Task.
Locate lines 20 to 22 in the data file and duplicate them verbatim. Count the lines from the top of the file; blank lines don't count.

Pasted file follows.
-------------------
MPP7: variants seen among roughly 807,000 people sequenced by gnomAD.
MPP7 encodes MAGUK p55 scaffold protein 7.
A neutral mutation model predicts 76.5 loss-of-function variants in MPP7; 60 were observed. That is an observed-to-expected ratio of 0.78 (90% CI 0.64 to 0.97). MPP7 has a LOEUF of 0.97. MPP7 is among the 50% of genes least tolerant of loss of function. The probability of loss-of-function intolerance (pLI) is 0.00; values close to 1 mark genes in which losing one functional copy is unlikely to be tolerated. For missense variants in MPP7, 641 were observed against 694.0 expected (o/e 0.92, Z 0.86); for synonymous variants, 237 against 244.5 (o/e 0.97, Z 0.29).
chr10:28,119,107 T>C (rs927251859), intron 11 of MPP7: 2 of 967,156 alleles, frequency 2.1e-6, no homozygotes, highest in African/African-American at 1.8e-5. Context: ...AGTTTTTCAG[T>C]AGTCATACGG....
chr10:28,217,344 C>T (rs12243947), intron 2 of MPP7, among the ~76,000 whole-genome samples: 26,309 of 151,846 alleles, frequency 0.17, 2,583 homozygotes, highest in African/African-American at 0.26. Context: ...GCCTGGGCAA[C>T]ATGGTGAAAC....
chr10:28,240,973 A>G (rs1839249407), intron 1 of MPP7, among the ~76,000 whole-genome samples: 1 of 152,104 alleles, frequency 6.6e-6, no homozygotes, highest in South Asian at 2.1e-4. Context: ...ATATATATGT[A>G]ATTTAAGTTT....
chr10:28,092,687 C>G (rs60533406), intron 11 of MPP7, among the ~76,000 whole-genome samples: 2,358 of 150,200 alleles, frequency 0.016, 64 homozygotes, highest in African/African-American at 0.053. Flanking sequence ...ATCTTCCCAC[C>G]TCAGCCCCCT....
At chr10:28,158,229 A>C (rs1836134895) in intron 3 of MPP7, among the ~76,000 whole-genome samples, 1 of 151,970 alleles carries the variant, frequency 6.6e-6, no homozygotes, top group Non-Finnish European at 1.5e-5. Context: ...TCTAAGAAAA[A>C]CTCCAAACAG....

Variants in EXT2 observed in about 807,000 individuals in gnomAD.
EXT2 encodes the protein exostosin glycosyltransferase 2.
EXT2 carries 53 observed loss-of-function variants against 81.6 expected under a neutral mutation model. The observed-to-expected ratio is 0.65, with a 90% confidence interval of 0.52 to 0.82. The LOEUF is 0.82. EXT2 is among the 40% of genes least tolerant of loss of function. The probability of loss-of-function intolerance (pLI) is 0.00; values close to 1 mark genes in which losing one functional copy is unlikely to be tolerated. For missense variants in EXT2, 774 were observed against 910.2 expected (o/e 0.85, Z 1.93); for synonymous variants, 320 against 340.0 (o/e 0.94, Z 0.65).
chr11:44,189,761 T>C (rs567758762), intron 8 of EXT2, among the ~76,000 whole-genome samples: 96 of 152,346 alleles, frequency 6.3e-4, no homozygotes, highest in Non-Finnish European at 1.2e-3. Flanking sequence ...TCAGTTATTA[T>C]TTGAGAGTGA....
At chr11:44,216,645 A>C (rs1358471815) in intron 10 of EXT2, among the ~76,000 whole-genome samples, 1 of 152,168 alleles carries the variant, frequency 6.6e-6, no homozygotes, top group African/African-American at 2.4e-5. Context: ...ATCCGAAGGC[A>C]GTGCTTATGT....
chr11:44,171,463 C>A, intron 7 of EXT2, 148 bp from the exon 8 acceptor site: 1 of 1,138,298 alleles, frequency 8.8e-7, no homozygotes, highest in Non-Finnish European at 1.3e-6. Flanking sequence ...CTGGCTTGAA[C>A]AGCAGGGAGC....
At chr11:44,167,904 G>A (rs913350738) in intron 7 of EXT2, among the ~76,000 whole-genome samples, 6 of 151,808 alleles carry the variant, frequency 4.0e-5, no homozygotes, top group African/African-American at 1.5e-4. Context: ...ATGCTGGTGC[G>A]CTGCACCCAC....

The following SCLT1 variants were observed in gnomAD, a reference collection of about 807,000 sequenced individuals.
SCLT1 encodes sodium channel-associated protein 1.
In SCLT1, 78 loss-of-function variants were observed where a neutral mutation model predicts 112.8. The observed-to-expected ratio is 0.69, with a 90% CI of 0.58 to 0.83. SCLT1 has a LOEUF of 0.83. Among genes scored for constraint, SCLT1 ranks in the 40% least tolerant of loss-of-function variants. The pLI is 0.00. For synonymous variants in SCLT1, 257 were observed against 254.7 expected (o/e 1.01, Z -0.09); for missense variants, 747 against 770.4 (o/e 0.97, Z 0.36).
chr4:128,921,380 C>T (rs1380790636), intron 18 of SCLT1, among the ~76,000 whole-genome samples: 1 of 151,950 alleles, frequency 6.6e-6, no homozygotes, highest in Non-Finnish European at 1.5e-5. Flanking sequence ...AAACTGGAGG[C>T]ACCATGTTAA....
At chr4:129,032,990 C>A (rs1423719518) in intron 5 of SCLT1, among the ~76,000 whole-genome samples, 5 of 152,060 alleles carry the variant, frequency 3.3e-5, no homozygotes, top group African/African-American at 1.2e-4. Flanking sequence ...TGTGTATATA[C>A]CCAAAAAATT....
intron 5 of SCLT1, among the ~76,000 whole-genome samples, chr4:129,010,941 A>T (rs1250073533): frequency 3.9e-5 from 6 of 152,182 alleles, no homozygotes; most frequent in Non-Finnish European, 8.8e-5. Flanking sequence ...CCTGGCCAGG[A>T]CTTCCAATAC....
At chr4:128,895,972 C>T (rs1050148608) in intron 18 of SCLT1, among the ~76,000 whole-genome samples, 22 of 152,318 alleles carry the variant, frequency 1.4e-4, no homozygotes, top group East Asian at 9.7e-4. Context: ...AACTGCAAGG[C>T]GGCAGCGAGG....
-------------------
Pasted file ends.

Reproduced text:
At chr4:129,032,990 C>A (rs1423719518) in intron 5 of SCLT1, among the ~76,000 whole-genome samples, 5 of 152,060 alleles carry the variant, frequency 3.3e-5, no homozygotes, top group African/African-American at 1.2e-4. Flanking sequence ...TGTGTATATA[C>A]CCAAAAAATT....
intron 5 of SCLT1, among the ~76,000 whole-genome samples, chr4:129,010,941 A>T (rs1250073533): frequency 3.9e-5 from 6 of 152,182 alleles, no homozygotes; most frequent in Non-Finnish European, 8.8e-5. Flanking sequence ...CCTGGCCAGG[A>T]CTTCCAATAC....
At chr4:128,895,972 C>T (rs1050148608) in intron 18 of SCLT1, among the ~76,000 whole-genome samples, 22 of 152,318 alleles carry the variant, frequency 1.4e-4, no homozygotes, top group East Asian at 9.7e-4. Context: ...AACTGCAAGG[C>T]GGCAGCGAGG....